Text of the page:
The DDP coalition offers a simple solution: The government should have to get a judicial warrant to read anyone's private material just as they would if the material was stored in a home computer or a desk drawer.
The proliferation of increasingly high-powered mobile devices has already given rise to the Internet's first generation of location-based services and applications. Nowadays, it is becoming easy to find a nearby restaurant or bookstore using your mobile device. You can even find your friends and loved ones: Some services allow a user to plot the location of friends on a map, making it easy to meet up.
But, ECPA provides no legal standard for law enforcement access to location information, resulting in a confusing mish-mash of court opinions. A majority of lower court decisions have required a probable-cause warrant for real-time access to location information, but other courts have required far less.
Some courts make distinctions based on the precision of the location data. GPS can provide more precise location than can other technologies, such as proximity to cell phone towers.
Some courts have made distinctions based on whether location information is real time, or historical. This legal uncertainty not only complicates the job of law enforcement, but the lack of strong privacy standards can hold back consumer use of location-based services.
In a world where most Americans carry with them a cell phone that broadcasts their location about once every several seconds, it is time to afford this location data a very high level of protection.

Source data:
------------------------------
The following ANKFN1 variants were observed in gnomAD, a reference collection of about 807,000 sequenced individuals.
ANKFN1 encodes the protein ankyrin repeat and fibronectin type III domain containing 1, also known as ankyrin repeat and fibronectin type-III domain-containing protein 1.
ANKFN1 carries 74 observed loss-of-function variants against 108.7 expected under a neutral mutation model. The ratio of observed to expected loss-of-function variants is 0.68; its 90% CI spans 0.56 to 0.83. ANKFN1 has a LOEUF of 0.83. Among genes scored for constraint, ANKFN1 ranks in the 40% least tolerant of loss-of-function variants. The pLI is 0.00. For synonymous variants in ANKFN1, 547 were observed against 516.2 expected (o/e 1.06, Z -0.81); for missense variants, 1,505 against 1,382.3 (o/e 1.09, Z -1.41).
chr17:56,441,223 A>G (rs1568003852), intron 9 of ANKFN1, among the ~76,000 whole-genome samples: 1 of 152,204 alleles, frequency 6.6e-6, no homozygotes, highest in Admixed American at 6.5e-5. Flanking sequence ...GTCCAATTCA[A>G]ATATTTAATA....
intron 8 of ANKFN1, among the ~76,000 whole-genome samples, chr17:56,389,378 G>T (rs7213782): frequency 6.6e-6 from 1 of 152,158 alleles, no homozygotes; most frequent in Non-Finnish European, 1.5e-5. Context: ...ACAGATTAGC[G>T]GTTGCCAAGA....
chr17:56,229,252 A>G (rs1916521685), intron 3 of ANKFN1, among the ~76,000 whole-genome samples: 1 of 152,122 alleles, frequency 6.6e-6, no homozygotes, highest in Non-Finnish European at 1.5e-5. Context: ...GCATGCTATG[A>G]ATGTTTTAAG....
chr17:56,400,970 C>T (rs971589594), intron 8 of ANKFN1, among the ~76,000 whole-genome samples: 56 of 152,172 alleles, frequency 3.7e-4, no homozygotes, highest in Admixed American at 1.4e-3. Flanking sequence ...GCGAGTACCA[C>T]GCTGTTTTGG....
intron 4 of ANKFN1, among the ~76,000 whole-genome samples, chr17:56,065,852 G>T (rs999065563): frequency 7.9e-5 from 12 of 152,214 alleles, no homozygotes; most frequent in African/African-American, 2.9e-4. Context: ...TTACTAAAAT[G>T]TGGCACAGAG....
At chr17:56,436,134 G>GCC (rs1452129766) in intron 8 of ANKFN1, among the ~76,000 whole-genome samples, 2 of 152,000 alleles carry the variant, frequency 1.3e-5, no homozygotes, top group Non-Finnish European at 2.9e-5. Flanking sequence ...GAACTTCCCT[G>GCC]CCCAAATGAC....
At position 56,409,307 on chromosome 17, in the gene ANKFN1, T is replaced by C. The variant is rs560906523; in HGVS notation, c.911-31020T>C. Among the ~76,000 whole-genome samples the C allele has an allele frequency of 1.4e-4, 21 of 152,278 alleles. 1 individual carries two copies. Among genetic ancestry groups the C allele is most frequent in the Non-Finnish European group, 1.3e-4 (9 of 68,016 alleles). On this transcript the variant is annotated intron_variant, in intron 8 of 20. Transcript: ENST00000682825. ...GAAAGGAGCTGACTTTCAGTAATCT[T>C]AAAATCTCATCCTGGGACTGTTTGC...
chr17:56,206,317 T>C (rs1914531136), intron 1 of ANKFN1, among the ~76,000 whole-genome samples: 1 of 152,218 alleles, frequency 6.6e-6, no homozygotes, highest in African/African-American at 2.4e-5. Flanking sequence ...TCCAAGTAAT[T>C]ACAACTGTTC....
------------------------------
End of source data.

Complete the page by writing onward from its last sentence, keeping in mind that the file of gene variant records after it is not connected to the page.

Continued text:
The coalition is proposing that ECPA be updated to require the government to obtain a warrant from a judge before tracking the location of a cell phone or any other mobile communications device.
This warrant standard would apply regardless of the precision of the location information and whether it is prospective or retrospective. The coalition's principle would allow for exception in emergency cases, such as locating a missing person.
The current uncertain state of the law serves no one well. Consumers do not know how well their data is protected, law enforcement is uncertain about what kind of process to use to secure lawful access to different kinds of information, and the companies that hold the information do not know what their obligations are. Any solution must balance the interests of law enforcement, privacy, and industry.
The launch of Digital Due Process marks a new phase in a long-term effort to bring protection to our 21st century communications. The process of updating the laws is likely to last several years.
ECPA is complicated and although it is crucial to the privacy of Americans' data, the statute is not well understood even by many policymakers and stakeholders. Encouragingly, both the House and Senate Judiciary Committees have already signaled that they will hold hearings on ECPA reform this year.
In 1986, Congress enacted the Electronic Communications Privacy Act to foster new communications technologies by giving users confidence that their privacy would be respected. By helping to further the growth of the Internet, ECPA proved monumentally important to the U.S. economy.
Now, technology has again jumped ahead. It's time to update ECPA so we can continue to innovate and grow, with our privacy intact.
Leslie Harris is president and CEO of the Center for Democracy & Technology.